Steve Lubinski, a seasonal range technician with the Dillon Field Office, tells Reed Pitman, a teen from Deer Lodge, where he'd like to have logs and brances placed in the streambed.
Reed Pitman, Bryan Nutting of Joliet, and Steve Lubinski plant three of 800 willows alonga mountain stream in Bell Canyon. Pitman and Nutting were part of a Montana Youth Challenge team assisting the BLM field office with the stream restoration project.
Youth joined experience as nearly a dozen employees from the Dillon Field Office and members of Montana’s Youth Challenge teamed up to help repair a damaged riparian area in Bell Canyon, about a 90-minute drive from Dillon.
The two teens--Reed Pitman from Deer Lodge, and Bryan Nutting from Joliet—spent the day with the BLM crew planting 800 willows along an ice-cold, crystal-clear mountain stream. The group also helped improve the “architecture” of the creek by shaping it with downed branches and streamside rocks.
“Initially, we were going to build fences to protect the riparian area, but now our Plan B is to allow this place to rest for four years, treat it for cheatgrass, and plant willows, allowing the stream to heal,” said Pat Fosse, Assistant Field Manager for Renewable Resources, as she helped the others dig holes for the willows.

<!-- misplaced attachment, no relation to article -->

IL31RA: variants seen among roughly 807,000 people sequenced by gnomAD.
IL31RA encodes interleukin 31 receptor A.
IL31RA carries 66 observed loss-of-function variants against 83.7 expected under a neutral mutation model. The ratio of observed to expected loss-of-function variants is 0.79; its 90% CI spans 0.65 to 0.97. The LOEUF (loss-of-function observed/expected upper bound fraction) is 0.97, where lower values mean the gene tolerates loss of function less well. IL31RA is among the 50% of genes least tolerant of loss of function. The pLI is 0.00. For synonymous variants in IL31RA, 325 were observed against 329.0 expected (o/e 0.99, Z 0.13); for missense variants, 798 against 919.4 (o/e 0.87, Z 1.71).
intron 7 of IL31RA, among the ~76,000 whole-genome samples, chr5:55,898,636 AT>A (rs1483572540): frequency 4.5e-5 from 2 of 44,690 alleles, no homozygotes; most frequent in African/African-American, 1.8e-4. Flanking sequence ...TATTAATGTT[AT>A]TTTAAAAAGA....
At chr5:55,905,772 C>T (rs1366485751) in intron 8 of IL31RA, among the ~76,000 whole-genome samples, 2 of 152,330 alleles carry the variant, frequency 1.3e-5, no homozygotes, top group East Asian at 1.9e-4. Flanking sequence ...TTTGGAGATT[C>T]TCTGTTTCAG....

"This stream is in a steep,narrow canyon and is the only water source in a large pasture," she added. "It has been heavily impacted by past livestock grazing practices. New livestock management will include a shortened season of use, periodic rest, and offsite water development."
Steve Lubinski, a seasonal range technician with the Dillon Field Office, worked with the enthusiastic Youth Challenge participants, showing them how to correctly place a log mid-stream and how to find the best place to plant the young willows. As he surveyed their work from the bank, Lubinski said, “Now this will flow year-round. One of the cooler things about this project is that we’ll be able to see the effects of this very quickly.”
A few weeks earlier, Dillon BLM employees had seeded the area which had been sprayed for cheatgrass the previous autumn. As the mountain sunshine kept the crew warm in the high altitude, everyone expressed optimism that the project would be a success.
But whatever the outcome, Fosse said it was “a good day at the office.” As she patted soil around a willow shoot, she added, “This is like working in a postcard.”